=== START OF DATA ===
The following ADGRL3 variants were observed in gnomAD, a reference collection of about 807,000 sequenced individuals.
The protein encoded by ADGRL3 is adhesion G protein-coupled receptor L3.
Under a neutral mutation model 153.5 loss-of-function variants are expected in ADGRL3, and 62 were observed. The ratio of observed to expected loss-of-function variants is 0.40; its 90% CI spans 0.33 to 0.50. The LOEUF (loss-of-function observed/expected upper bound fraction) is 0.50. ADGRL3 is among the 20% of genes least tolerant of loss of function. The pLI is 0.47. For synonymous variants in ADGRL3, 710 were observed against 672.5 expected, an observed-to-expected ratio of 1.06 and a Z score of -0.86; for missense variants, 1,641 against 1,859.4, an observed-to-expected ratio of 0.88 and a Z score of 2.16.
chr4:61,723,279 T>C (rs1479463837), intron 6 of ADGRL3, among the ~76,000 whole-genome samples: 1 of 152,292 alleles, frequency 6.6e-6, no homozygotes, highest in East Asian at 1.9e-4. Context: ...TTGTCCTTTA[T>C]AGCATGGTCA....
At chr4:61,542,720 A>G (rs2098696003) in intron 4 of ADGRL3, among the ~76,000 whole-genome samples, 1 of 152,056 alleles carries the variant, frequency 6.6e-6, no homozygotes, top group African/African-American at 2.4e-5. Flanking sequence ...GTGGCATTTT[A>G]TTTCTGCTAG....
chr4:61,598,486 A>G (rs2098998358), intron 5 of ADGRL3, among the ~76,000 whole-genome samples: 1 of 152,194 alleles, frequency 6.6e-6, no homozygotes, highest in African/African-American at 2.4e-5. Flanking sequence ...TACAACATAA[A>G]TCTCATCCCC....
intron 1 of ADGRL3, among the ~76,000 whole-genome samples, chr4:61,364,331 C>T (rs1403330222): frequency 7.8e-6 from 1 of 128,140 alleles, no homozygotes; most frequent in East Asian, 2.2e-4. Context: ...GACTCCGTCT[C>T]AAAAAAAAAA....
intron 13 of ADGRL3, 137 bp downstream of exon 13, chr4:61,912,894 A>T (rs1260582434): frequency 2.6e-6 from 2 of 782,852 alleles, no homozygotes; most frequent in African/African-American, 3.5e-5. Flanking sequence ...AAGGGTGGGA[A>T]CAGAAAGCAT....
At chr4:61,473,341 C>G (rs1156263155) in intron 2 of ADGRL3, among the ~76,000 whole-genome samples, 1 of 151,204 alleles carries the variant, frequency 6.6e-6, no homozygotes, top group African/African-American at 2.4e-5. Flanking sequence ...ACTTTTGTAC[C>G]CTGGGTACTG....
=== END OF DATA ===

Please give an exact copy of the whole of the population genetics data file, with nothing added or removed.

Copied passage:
The following ADGRL3 variants were observed in gnomAD, a reference collection of about 807,000 sequenced individuals.
The protein encoded by ADGRL3 is adhesion G protein-coupled receptor L3.
Under a neutral mutation model 153.5 loss-of-function variants are expected in ADGRL3, and 62 were observed. The ratio of observed to expected loss-of-function variants is 0.40; its 90% CI spans 0.33 to 0.50. The LOEUF (loss-of-function observed/expected upper bound fraction) is 0.50. ADGRL3 is among the 20% of genes least tolerant of loss of function. The pLI is 0.47. For synonymous variants in ADGRL3, 710 were observed against 672.5 expected, an observed-to-expected ratio of 1.06 and a Z score of -0.86; for missense variants, 1,641 against 1,859.4, an observed-to-expected ratio of 0.88 and a Z score of 2.16.
chr4:61,723,279 T>C (rs1479463837), intron 6 of ADGRL3, among the ~76,000 whole-genome samples: 1 of 152,292 alleles, frequency 6.6e-6, no homozygotes, highest in East Asian at 1.9e-4. Context: ...TTGTCCTTTA[T>C]AGCATGGTCA....
At chr4:61,542,720 A>G (rs2098696003) in intron 4 of ADGRL3, among the ~76,000 whole-genome samples, 1 of 152,056 alleles carries the variant, frequency 6.6e-6, no homozygotes, top group African/African-American at 2.4e-5. Flanking sequence ...GTGGCATTTT[A>G]TTTCTGCTAG....
chr4:61,598,486 A>G (rs2098998358), intron 5 of ADGRL3, among the ~76,000 whole-genome samples: 1 of 152,194 alleles, frequency 6.6e-6, no homozygotes, highest in African/African-American at 2.4e-5. Flanking sequence ...TACAACATAA[A>G]TCTCATCCCC....
intron 1 of ADGRL3, among the ~76,000 whole-genome samples, chr4:61,364,331 C>T (rs1403330222): frequency 7.8e-6 from 1 of 128,140 alleles, no homozygotes; most frequent in East Asian, 2.2e-4. Context: ...GACTCCGTCT[C>T]AAAAAAAAAA....
intron 13 of ADGRL3, 137 bp downstream of exon 13, chr4:61,912,894 A>T (rs1260582434): frequency 2.6e-6 from 2 of 782,852 alleles, no homozygotes; most frequent in African/African-American, 3.5e-5. Flanking sequence ...AAGGGTGGGA[A>T]CAGAAAGCAT....
At chr4:61,473,341 C>G (rs1156263155) in intron 2 of ADGRL3, among the ~76,000 whole-genome samples, 1 of 151,204 alleles carries the variant, frequency 6.6e-6, no homozygotes, top group African/African-American at 2.4e-5. Flanking sequence ...ACTTTTGTAC[C>G]CTGGGTACTG....